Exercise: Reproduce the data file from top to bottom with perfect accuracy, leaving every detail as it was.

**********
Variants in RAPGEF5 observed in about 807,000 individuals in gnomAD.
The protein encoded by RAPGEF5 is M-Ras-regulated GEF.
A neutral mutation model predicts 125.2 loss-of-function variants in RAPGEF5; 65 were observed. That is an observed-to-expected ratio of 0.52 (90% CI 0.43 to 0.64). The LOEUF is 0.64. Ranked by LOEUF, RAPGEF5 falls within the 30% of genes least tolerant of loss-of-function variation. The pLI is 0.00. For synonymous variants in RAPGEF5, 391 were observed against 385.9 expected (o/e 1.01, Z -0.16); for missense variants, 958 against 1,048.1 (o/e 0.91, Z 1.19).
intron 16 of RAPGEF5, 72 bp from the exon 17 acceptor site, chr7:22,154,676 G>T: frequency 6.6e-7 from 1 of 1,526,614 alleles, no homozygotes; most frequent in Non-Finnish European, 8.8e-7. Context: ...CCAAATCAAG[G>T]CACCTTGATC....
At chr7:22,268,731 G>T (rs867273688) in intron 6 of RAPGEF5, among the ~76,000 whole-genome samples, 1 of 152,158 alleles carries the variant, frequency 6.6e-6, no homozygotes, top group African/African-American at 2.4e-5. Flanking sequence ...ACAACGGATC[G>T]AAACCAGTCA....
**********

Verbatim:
Variants in RAPGEF5 observed in about 807,000 individuals in gnomAD.
The protein encoded by RAPGEF5 is M-Ras-regulated GEF.
A neutral mutation model predicts 125.2 loss-of-function variants in RAPGEF5; 65 were observed. That is an observed-to-expected ratio of 0.52 (90% CI 0.43 to 0.64). The LOEUF is 0.64. Ranked by LOEUF, RAPGEF5 falls within the 30% of genes least tolerant of loss-of-function variation. The pLI is 0.00. For synonymous variants in RAPGEF5, 391 were observed against 385.9 expected (o/e 1.01, Z -0.16); for missense variants, 958 against 1,048.1 (o/e 0.91, Z 1.19).
intron 16 of RAPGEF5, 72 bp from the exon 17 acceptor site, chr7:22,154,676 G>T: frequency 6.6e-7 from 1 of 1,526,614 alleles, no homozygotes; most frequent in Non-Finnish European, 8.8e-7. Context: ...CCAAATCAAG[G>T]CACCTTGATC....
At chr7:22,268,731 G>T (rs867273688) in intron 6 of RAPGEF5, among the ~76,000 whole-genome samples, 1 of 152,158 alleles carries the variant, frequency 6.6e-6, no homozygotes, top group African/African-American at 2.4e-5. Flanking sequence ...ACAACGGATC[G>T]AAACCAGTCA....